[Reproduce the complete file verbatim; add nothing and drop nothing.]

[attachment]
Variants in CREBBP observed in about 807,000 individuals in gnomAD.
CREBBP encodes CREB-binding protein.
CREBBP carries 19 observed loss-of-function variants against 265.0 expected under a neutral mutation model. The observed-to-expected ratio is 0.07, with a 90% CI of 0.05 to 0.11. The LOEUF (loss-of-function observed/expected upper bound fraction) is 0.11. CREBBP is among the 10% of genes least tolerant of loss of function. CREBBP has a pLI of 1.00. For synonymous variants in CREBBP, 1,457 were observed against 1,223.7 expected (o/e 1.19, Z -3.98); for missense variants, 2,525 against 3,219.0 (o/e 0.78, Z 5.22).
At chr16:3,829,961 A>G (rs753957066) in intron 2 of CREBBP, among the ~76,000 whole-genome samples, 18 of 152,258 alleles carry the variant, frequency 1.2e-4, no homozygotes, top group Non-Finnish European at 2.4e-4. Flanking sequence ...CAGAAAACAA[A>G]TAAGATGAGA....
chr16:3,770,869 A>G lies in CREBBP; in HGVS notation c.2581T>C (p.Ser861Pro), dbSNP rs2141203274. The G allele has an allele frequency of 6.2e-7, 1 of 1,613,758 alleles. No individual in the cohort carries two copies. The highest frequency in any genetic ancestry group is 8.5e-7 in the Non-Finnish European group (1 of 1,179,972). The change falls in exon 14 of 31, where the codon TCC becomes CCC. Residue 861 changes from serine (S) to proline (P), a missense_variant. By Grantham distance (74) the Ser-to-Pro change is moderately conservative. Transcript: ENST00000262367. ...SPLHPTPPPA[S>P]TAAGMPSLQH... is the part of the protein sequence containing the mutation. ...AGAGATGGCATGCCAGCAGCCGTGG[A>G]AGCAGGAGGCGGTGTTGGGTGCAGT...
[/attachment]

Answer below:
Variants in CREBBP observed in about 807,000 individuals in gnomAD.
CREBBP encodes CREB-binding protein.
CREBBP carries 19 observed loss-of-function variants against 265.0 expected under a neutral mutation model. The observed-to-expected ratio is 0.07, with a 90% CI of 0.05 to 0.11. The LOEUF (loss-of-function observed/expected upper bound fraction) is 0.11. CREBBP is among the 10% of genes least tolerant of loss of function. CREBBP has a pLI of 1.00. For synonymous variants in CREBBP, 1,457 were observed against 1,223.7 expected (o/e 1.19, Z -3.98); for missense variants, 2,525 against 3,219.0 (o/e 0.78, Z 5.22).
At chr16:3,829,961 A>G (rs753957066) in intron 2 of CREBBP, among the ~76,000 whole-genome samples, 18 of 152,258 alleles carry the variant, frequency 1.2e-4, no homozygotes, top group Non-Finnish European at 2.4e-4. Flanking sequence ...CAGAAAACAA[A>G]TAAGATGAGA....
chr16:3,770,869 A>G lies in CREBBP; in HGVS notation c.2581T>C (p.Ser861Pro), dbSNP rs2141203274. The G allele has an allele frequency of 6.2e-7, 1 of 1,613,758 alleles. No individual in the cohort carries two copies. The highest frequency in any genetic ancestry group is 8.5e-7 in the Non-Finnish European group (1 of 1,179,972). The change falls in exon 14 of 31, where the codon TCC becomes CCC. Residue 861 changes from serine (S) to proline (P), a missense_variant. By Grantham distance (74) the Ser-to-Pro change is moderately conservative. Transcript: ENST00000262367. ...SPLHPTPPPA[S>P]TAAGMPSLQH... is the part of the protein sequence containing the mutation. ...AGAGATGGCATGCCAGCAGCCGTGG[A>G]AGCAGGAGGCGGTGTTGGGTGCAGT...